The problem these men face is that there are plenty of boys who find themselves in positions of power, and that’s not even mentioning King Tommen in King’s Landing. The more immediate threat is that of Ramsay Bolton (Iwan Rheon), who makes his first appearance in the episode while naked in bed, explaining to one of his playthings, Myranda (Charlotte Hope), the kennel master’s daughter, that now that he’s no longer a bastard, he can’t marry her. He mistakes being recognized as the son of Roose Bolton (Michael McElhatton) as the sign of maturation, failing to realize that his inability to put anyone’s needs before his own is what stunts his growth. He threatens Myranda, pointing out that he owns her and that she, who has abetted him in some of his games, knows better than most what happens to those who bore him (it likely involves him boring them with a drill or some other instrument of torture); later, he acts boorishly at dinner with his betrothed, Sansa Stark (Sophie Turner), as he parades Reek (Alfie Allen), the man she once knew in Winterfell as Theon Greyjoy, before her, forcing him to serve wine and apologize for apparently murdering her two brothers. Though Sansa should be furious with Reek, she’s no longer the little girl who cannot control her emotions; instead, the only flicker of emotion comes when Roose announces that his new wife, Walda (Elizabeth Webster), is pregnant with “what feels like a boy”—a discomforting fact (to Ramsay) that she may be able to use to sow discord between the two Boltons.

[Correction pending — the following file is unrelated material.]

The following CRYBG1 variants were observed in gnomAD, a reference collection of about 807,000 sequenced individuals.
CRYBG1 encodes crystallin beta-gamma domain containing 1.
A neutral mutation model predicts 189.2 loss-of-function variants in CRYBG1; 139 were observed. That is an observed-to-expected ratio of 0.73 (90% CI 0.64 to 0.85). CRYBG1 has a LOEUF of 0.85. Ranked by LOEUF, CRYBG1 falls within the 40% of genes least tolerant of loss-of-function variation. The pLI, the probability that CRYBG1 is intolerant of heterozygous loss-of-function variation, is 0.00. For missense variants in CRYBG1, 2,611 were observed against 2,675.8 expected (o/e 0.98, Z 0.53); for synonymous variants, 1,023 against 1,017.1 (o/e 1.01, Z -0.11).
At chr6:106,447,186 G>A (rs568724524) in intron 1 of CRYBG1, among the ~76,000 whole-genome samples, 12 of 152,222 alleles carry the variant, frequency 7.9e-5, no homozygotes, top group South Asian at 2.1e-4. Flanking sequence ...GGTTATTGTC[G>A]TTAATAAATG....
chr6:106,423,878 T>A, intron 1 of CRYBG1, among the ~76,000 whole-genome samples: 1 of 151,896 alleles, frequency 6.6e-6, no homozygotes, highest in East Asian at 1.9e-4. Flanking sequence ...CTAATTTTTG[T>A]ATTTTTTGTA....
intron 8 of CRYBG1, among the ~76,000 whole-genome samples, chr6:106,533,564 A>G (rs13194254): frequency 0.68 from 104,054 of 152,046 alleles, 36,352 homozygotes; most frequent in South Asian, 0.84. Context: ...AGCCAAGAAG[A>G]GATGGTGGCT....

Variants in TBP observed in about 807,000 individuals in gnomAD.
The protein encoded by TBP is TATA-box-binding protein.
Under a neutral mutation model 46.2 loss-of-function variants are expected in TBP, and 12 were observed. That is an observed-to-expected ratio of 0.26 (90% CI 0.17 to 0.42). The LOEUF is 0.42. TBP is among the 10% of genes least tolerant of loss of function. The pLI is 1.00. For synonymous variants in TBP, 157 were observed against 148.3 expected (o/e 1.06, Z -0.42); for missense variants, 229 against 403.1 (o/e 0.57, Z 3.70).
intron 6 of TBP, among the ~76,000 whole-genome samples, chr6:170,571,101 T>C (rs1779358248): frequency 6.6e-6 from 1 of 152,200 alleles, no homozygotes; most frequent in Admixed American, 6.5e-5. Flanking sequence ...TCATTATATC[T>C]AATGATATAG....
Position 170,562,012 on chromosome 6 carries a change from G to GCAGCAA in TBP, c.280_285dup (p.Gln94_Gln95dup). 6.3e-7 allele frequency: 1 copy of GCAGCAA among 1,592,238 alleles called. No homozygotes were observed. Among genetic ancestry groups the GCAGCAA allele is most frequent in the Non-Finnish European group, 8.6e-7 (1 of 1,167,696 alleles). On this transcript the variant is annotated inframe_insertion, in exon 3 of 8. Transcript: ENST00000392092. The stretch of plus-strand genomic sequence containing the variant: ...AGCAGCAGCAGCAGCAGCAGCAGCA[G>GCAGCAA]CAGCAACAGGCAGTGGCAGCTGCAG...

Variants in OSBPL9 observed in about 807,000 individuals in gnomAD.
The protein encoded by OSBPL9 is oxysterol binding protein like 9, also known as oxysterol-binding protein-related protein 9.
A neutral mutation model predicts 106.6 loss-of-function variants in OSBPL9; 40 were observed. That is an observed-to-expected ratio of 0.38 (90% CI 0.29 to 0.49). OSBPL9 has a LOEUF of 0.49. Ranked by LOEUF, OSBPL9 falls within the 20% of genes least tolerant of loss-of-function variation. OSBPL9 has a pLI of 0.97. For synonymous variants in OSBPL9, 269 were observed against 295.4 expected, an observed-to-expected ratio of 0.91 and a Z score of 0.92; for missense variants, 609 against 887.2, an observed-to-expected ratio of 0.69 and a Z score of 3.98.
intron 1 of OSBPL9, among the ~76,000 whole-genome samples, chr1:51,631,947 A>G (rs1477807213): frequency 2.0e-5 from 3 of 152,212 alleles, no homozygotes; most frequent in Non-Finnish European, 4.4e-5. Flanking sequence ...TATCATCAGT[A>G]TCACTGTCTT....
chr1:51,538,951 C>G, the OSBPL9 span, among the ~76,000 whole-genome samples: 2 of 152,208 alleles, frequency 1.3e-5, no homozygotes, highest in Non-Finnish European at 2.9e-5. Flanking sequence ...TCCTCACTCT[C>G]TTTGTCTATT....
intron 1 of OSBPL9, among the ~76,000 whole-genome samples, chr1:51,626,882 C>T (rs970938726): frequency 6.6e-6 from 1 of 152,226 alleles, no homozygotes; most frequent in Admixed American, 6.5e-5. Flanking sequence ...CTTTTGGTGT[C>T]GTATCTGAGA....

Also on this list are those men who worry now that they may in fact be boys, after all. The Unsullied warrior Grey Worm (Jacob Anderson), having survived multiple stabbings at the end of the previous episode, confesses to Missandei that he has, for the first time, felt the shame of fear. Not of death, however, but rather a fear that he might never see Missandei again, which is a reminder that no matter how much we steel ourselves to make the right choices, love ultimately makes boys of us all. This is something that may come back to haunt Stannis, for while he has the superior army and the righteousness on his side, he’s also brought his family with him to besiege Winterfell, and as he confessed in the previous episode, there’s little he wouldn’t do for his beloved daughter.
All of this talk leads us, in the end, to Jorah Mormont (Iain Glen), who continues to sail his prisoner, Tyrion Lannister (Peter Dinklage), toward Meereen as directly as possible. Both of these characters have fluctuated between childish and mature behavior. Tyrion, who agreed to travel with Varys to see Daenerys only because he could just as easily drink himself to death there as anywhere else, is once again petitioning Jorah to provide him with some wine. Jorah, meanwhile, wound up exiled from Daenerys’s side because he had been putting his own needs first, feeding intelligence on his queen to the Small Council back in Westeros proper, and stumbled upon his chance at redemption (Tyrion) only while drinking himself silly in a brothel. But as the two sail through the ruined city of Valyria, a once-great empire, their petulant needs are cowed by this awesome reminder of true magnificence and absolute despair. (How very Ozymandias-like.)
As the two see one of Daenerys’s dragons fly by, it’s a reminder that life finds a way to continue, if only they’re willing to man up and fight for it. This is what they’re forced to do a few moments later, as they’re ambushed by Stonemen, those leprous creatures who have been wholly subsumed by the disease known as greyscale. The two survive the battle with a new outlook on life—that there are things greater than themselves to fight for. This is especially true in Jorah’s case, for he doesn’t survive the battle unscathed, revealing a scaly patch of the rot hidden under his sleeve. The difference between a boy and a man, then, may be that the boy thinks only to live, whereas the man thinks only to die in the service of something truly good.